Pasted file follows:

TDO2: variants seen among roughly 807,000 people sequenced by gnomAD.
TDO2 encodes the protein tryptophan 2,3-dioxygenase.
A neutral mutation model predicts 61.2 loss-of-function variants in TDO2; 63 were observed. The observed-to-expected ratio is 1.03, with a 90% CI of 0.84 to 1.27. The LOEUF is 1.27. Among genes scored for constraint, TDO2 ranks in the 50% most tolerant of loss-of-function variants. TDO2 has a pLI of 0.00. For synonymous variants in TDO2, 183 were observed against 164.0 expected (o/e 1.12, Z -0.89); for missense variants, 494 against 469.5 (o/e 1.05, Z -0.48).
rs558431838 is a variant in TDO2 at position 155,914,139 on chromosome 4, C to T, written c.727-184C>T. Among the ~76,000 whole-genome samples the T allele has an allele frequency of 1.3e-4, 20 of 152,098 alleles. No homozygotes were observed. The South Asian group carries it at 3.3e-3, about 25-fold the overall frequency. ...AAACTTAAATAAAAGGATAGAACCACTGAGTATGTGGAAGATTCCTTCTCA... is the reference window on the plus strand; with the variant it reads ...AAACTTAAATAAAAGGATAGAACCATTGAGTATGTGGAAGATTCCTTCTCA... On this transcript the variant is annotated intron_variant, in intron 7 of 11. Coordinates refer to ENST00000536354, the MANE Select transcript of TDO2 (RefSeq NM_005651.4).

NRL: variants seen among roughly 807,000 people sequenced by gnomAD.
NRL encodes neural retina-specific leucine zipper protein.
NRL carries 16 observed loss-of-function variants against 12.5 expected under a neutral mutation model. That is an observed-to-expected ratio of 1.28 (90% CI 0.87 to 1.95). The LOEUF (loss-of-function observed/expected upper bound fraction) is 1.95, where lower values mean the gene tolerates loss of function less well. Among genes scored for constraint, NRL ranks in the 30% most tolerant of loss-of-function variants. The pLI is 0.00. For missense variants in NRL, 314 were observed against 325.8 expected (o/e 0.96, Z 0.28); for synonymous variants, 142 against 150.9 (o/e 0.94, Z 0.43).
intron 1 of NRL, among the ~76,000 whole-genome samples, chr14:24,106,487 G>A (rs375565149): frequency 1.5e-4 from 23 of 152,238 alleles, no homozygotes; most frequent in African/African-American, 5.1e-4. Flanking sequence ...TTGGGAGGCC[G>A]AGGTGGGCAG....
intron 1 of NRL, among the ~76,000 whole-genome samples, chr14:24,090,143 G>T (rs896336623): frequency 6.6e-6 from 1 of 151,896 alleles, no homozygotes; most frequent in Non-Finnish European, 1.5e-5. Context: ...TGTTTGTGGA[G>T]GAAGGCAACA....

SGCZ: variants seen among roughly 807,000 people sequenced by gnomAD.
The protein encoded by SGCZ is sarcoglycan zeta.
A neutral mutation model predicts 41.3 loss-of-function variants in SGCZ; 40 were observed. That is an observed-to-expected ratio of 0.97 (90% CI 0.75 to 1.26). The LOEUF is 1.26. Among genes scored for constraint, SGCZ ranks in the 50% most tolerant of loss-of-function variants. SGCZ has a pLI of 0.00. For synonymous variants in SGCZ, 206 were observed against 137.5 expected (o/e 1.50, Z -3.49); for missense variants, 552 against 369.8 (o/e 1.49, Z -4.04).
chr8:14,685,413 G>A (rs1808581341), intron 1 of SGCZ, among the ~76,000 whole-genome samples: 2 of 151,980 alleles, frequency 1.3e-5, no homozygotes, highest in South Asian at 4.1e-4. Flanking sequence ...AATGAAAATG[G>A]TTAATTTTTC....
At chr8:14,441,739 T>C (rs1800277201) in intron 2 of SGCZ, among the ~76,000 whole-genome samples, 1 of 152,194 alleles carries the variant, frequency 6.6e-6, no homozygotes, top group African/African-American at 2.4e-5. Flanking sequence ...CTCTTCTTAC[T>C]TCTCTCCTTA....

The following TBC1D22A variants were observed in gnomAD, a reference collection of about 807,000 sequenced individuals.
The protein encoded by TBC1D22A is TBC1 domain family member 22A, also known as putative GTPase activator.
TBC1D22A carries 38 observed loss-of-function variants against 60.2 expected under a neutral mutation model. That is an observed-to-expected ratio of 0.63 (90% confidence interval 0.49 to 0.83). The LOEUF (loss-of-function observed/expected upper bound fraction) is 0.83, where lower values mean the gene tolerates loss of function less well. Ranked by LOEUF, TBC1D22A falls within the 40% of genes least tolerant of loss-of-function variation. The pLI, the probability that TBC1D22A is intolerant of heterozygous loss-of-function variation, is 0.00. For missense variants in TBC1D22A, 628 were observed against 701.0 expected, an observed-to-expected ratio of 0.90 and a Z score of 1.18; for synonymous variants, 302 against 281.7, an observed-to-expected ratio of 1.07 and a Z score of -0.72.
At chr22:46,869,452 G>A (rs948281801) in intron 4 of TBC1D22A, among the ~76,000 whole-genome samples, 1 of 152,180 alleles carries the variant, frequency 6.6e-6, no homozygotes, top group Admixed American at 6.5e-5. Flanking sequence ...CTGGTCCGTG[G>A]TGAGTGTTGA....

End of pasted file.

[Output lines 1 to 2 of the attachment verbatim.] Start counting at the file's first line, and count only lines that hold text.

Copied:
TDO2: variants seen among roughly 807,000 people sequenced by gnomAD.
TDO2 encodes the protein tryptophan 2,3-dioxygenase.